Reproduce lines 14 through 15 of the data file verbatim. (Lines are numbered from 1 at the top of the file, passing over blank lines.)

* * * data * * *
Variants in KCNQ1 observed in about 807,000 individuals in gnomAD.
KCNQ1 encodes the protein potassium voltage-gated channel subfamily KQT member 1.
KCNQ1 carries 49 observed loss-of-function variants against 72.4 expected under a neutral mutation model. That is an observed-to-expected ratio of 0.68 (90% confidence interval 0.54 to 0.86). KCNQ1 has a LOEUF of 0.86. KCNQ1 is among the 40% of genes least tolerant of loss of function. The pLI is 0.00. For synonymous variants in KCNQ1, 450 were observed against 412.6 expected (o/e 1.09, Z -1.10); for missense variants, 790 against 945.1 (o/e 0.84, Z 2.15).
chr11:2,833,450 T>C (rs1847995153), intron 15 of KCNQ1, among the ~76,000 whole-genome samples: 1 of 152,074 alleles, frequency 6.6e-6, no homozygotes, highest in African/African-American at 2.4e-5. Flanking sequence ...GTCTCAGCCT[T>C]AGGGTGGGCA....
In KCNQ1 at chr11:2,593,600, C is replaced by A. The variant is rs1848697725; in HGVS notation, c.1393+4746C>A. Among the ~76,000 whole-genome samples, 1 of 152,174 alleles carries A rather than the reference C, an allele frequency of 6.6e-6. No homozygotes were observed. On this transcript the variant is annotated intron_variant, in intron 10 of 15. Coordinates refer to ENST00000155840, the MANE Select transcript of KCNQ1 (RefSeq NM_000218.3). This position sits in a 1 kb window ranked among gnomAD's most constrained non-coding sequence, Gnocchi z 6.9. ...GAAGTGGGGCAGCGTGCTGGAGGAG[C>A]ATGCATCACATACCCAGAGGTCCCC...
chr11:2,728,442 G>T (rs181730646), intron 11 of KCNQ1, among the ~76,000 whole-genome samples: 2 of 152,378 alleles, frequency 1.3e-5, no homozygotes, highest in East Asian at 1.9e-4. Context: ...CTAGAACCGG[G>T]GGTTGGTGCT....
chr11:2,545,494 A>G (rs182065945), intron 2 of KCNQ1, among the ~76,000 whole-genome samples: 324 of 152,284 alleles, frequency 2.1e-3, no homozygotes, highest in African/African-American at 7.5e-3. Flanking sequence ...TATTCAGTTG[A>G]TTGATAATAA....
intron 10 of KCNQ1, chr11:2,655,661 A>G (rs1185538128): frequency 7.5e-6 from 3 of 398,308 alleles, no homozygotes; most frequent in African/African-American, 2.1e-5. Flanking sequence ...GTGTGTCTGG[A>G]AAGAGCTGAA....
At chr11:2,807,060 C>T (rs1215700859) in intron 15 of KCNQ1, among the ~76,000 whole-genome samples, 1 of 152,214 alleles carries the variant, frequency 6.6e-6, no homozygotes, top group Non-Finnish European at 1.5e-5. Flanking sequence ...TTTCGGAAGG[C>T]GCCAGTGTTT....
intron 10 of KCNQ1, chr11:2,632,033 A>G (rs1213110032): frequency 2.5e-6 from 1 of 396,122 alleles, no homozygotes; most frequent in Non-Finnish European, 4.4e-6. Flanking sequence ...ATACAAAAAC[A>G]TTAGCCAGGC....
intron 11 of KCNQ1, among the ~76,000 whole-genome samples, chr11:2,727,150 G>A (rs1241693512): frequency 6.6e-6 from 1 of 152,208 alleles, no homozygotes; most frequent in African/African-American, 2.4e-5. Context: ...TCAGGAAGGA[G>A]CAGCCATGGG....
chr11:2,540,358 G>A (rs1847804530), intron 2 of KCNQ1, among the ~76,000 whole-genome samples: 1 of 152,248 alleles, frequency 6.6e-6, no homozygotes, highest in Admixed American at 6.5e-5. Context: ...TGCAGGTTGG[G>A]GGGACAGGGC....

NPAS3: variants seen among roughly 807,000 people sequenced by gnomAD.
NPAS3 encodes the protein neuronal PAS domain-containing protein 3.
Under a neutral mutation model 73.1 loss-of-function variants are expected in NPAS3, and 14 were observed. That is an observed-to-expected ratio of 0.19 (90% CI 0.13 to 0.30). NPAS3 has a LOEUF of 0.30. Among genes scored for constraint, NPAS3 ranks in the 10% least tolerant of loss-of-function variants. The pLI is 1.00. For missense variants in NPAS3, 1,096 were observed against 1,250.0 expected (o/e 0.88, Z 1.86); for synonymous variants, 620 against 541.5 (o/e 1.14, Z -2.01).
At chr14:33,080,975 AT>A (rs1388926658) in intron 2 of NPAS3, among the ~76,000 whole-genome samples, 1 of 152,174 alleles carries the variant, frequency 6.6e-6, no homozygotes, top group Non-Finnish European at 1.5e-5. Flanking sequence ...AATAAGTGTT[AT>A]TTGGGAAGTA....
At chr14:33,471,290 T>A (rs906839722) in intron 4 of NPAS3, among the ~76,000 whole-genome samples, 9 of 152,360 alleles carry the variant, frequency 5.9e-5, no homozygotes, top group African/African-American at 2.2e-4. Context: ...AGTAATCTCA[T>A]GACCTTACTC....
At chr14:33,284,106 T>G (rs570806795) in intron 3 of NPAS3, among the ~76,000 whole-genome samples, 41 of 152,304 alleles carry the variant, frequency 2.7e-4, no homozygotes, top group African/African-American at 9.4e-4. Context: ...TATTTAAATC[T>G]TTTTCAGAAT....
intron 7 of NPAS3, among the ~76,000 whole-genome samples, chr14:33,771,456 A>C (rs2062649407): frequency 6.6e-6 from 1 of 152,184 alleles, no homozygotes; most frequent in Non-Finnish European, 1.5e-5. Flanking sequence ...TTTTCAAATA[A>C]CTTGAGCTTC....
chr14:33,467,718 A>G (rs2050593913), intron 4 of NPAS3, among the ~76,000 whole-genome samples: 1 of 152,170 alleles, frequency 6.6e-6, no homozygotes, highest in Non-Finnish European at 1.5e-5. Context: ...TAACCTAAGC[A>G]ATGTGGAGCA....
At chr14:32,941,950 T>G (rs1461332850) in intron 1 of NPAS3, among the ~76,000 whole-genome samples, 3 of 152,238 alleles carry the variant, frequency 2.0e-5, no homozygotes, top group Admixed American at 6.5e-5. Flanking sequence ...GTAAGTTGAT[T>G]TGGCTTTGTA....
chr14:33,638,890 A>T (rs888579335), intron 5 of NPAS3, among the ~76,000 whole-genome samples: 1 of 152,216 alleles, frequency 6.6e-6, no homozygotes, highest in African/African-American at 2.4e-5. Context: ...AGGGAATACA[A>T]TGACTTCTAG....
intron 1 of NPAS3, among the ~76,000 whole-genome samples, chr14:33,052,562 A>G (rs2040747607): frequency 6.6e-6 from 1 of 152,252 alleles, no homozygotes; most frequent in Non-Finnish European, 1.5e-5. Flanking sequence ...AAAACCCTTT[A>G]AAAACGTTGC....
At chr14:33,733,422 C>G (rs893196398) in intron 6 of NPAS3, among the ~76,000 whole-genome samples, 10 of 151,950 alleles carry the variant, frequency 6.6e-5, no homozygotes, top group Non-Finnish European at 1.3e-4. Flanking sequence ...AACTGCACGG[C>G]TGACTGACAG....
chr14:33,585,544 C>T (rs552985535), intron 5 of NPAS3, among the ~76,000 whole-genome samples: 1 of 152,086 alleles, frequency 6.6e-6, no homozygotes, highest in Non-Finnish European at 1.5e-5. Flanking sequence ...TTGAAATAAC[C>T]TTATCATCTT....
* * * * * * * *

NPAS3 encodes the protein neuronal PAS domain-containing protein 3.
Under a neutral mutation model 73.1 loss-of-function variants are expected in NPAS3, and 14 were observed. That is an observed-to-expected ratio of 0.19 (90% CI 0.13 to 0.30). NPAS3 has a LOEUF of 0.30. Among genes scored for constraint, NPAS3 ranks in the 10% least tolerant of loss-of-function variants. The pLI is 1.00. For missense variants in NPAS3, 1,096 were observed against 1,250.0 expected (o/e 0.88, Z 1.86); for synonymous variants, 620 against 541.5 (o/e 1.14, Z -2.01).